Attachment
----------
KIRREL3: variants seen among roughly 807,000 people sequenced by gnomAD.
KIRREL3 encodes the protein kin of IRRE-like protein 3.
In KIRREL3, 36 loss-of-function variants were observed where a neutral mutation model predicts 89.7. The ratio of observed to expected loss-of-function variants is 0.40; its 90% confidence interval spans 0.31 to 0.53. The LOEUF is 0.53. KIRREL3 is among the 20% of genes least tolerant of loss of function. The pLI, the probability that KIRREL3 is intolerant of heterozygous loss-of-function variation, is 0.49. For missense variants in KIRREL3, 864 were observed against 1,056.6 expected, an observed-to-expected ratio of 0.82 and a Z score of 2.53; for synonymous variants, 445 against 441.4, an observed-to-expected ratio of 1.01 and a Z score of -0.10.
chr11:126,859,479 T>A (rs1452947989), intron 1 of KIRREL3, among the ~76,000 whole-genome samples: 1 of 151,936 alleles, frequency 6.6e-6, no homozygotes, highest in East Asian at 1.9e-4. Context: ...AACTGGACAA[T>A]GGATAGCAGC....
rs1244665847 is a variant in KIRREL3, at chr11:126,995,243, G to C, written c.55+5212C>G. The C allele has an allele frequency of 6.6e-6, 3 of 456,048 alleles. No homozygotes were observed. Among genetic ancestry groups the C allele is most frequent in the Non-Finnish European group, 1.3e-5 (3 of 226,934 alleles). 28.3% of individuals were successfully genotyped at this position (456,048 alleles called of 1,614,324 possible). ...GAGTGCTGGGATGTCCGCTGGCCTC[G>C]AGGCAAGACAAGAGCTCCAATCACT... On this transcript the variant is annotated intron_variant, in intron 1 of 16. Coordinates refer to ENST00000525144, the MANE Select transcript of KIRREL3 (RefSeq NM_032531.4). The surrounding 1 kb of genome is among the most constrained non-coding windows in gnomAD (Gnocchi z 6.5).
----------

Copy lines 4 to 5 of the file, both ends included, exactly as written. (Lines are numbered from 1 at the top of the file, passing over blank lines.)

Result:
chr11:126,859,479 T>A (rs1452947989), intron 1 of KIRREL3, among the ~76,000 whole-genome samples: 1 of 151,936 alleles, frequency 6.6e-6, no homozygotes, highest in East Asian at 1.9e-4. Context: ...AACTGGACAA[T>A]GGATAGCAGC....
rs1244665847 is a variant in KIRREL3, at chr11:126,995,243, G to C, written c.55+5212C>G. The C allele has an allele frequency of 6.6e-6, 3 of 456,048 alleles. No homozygotes were observed. Among genetic ancestry groups the C allele is most frequent in the Non-Finnish European group, 1.3e-5 (3 of 226,934 alleles). 28.3% of individuals were successfully genotyped at this position (456,048 alleles called of 1,614,324 possible). ...GAGTGCTGGGATGTCCGCTGGCCTC[G>C]AGGCAAGACAAGAGCTCCAATCACT... On this transcript the variant is annotated intron_variant, in intron 1 of 16. Coordinates refer to ENST00000525144, the MANE Select transcript of KIRREL3 (RefSeq NM_032531.4). The surrounding 1 kb of genome is among the most constrained non-coding windows in gnomAD (Gnocchi z 6.5).